For a lot of people, the words “father” and “good” might not align.
For some, their “father” was a person who was withdrawn, angry, or aggressive. For some, visualizing God as a father brings up some deep pains.
It seems like good fathers are in limited supply these days. I remember growing up and the surprise I felt when I realized that some of my friends in school had a father at home.
In thinking through these things, Hosea 11:1-4 & 8-11 came to mind.
1 “When Israel was a child, I loved him, and I called my son out of Egypt.
2 But the more I called to him, the farther he moved from me,* offering sacrifices to the images of Baal and burning incense to idols.
3 I myself taught Israel* how to walk, leading him along by the hand. But he doesn’t know or even care that it was I who took care of him.
4 I led Israel along with my ropes of kindness and love. I lifted the yoke from his neck, and I myself stooped to feed him.
8 “Oh, how can I give you up, Israel? How can I let you go? How can I destroy you like Admah or demolish you like Zeboiim? My heart is torn within me, and my compassion overflows.
9 No, I will not unleash my fierce anger. I will not completely destroy Israel, for I am God and not a mere mortal. I am the Holy One living among you, and I will not come to destroy.
10 For someday the people will follow me. I, the Lord, will roar like a lion. And when I roar, my people will return trembling from the west.
11 Like a flock of birds, they will come from Egypt. Trembling like doves, they will return from Assyria. And I will bring them home again,” says the Lord.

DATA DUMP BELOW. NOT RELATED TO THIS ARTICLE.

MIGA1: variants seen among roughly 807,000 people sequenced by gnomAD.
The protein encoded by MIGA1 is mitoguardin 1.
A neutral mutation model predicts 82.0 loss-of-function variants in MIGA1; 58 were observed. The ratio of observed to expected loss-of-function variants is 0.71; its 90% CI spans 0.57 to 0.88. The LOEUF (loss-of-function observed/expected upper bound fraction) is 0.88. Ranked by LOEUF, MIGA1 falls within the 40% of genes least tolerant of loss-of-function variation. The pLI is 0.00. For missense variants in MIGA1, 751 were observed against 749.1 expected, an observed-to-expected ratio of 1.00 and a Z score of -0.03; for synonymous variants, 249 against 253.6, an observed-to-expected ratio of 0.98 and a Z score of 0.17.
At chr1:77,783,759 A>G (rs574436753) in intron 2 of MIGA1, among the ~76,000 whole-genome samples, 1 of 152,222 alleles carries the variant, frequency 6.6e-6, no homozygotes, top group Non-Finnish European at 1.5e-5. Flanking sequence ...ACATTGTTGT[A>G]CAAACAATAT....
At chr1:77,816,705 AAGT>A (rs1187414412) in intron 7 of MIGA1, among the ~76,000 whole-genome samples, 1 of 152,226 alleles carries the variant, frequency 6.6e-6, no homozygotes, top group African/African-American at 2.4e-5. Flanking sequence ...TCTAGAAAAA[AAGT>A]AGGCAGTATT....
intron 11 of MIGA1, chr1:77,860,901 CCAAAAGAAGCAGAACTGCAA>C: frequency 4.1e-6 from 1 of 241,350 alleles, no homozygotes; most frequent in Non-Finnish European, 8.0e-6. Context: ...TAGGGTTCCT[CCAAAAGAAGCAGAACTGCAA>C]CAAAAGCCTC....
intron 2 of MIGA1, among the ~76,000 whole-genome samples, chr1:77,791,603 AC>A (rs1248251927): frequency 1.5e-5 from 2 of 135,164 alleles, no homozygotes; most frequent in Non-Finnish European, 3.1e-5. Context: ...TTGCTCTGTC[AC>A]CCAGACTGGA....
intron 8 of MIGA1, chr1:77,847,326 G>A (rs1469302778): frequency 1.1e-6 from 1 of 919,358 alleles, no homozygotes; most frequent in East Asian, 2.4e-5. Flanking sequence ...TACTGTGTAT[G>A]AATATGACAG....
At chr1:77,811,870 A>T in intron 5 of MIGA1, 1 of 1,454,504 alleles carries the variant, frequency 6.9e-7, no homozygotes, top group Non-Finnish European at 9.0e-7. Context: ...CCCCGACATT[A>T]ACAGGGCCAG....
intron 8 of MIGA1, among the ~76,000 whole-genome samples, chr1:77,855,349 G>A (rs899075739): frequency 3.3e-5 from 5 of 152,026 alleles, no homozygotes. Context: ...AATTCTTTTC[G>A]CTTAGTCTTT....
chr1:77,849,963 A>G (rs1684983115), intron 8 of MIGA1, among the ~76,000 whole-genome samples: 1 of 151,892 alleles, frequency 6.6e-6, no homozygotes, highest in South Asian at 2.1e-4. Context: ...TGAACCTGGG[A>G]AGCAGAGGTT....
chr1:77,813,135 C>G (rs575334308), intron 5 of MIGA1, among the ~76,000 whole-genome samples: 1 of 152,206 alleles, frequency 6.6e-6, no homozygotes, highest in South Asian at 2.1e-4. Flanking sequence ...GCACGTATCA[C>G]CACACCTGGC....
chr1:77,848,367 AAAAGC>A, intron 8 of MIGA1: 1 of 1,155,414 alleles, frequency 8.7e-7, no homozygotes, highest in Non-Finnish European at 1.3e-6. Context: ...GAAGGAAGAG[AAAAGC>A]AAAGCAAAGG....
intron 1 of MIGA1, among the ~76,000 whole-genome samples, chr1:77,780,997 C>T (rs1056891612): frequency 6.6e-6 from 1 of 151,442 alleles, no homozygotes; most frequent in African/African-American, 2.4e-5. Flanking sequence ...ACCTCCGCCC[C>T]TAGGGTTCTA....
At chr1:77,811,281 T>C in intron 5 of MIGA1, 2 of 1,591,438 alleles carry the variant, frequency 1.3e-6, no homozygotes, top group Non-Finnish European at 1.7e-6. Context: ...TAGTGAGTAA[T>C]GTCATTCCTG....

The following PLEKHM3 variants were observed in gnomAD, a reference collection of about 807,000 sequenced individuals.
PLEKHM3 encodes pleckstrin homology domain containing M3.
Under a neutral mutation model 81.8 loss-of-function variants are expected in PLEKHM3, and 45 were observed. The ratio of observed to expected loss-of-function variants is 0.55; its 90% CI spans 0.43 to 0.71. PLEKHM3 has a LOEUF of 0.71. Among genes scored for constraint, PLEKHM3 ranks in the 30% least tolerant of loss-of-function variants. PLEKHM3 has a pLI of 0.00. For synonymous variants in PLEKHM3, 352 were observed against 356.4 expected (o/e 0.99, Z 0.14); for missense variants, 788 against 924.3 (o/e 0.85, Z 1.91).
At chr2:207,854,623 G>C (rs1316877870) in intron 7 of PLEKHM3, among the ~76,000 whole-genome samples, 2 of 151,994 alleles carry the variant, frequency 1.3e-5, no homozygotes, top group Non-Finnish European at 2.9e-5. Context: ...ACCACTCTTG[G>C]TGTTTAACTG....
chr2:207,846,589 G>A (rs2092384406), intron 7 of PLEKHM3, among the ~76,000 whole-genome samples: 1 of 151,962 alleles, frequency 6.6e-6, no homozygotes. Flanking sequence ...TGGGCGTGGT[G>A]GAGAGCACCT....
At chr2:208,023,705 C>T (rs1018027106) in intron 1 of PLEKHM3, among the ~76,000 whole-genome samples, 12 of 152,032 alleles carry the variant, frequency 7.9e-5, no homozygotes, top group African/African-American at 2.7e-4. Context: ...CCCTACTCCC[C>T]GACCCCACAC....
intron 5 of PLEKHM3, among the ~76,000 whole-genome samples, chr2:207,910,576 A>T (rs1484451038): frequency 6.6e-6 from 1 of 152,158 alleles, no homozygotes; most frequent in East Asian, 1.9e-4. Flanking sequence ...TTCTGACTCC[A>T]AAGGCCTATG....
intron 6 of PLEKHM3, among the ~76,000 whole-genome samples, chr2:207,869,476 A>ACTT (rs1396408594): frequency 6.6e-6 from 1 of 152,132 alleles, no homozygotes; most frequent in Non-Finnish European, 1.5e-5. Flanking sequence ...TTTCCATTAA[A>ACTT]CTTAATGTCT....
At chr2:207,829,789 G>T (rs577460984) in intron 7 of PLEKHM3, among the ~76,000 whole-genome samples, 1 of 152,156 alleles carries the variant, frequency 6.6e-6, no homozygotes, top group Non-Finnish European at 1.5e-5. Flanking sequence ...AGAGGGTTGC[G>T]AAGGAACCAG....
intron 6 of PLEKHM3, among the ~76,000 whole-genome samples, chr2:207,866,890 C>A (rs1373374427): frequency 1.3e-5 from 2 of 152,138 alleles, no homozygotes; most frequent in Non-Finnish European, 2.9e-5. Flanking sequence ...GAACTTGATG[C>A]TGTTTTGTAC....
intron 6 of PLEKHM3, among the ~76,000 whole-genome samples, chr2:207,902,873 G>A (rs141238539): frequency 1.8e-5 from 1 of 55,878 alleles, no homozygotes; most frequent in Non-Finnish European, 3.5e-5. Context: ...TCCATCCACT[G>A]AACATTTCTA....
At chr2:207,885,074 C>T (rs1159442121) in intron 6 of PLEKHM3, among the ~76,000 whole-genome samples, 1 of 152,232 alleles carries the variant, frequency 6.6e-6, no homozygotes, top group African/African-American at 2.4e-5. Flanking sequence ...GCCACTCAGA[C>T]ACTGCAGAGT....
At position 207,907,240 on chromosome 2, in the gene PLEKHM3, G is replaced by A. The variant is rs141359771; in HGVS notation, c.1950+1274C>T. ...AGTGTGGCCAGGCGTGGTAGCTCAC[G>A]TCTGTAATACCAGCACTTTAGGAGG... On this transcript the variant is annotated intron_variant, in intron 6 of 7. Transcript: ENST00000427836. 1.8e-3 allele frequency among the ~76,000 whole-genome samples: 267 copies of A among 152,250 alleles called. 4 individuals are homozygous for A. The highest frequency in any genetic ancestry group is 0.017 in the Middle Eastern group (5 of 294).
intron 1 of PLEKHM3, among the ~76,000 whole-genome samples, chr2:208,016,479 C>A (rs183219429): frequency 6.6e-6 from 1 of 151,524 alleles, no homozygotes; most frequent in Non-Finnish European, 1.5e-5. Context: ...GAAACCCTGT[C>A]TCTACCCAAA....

Looking at Hosea 11:1-11 we begin to see a breathtaking view of God as a good father.
Hosea 11 begins with a reminder from Hosea to Israel of how God loved Israel as a Father but how Israel still chose to run away from him.
Despite Israel’s decision to run from God and run towards idols, God asks himself “How can I give my children up?” He wonders how he can make Israel like Admah and Zeboiim (cities that God had destroyed near Sodom and Gomorrah)? Rather God decides to show them mercy.
Not only does God, as our father, care for us, he wants to show us mercy. In this God also shows his holiness.
I’m not sure about you, but sometimes when I hear about God’s holiness I’m reminded of how unholy and unworthy I am. However, here in Hosea God shows his mercy for us as the result of how holy he is.
God’s holiness is not just tolerant to mercy, but God’s mercy towards his kids is an essential part of the reason that he is holy.
We also see God’s mercy and holiness expressed in terms of his parenthood. Yahweh loves, and has loved his child in every way, he taught, led, and healed them.
Though he keeps his promise to discipline them, yet his love is still there for them and in turn, is compelling to him to act mercifully towards them. Though Israel will reap the consequences of their actions, God promises to redeem them at the end of exile, the end of hardship; he will roar mightily and his children will come trembling home from afar.
What then do we say then to these things?
We can see that God shows himself as a father who both teaches us, who disciplines us. He is a father who is for our good, and encourages our growth.
He is a father who is not distant, but is as near as a father who is close enough to pick us up. He is especially near for those of us who have never known our earthly fathers.
He is a father who is not solely governed by his anger, but is compelled to mercy from his love for us; and he is especially this for those whose earthly fathers knew only anger.
He is also the good, good Father who would come, in time, to give his very Son so that we might have everlasting life with him. How much more are we able to see the Father's love, in his willingness to sacrifice his only Son for us.
It is my prayer that all of us will better come to know our good, good Father and experience his perfect fatherly love.
- Joseph Gregory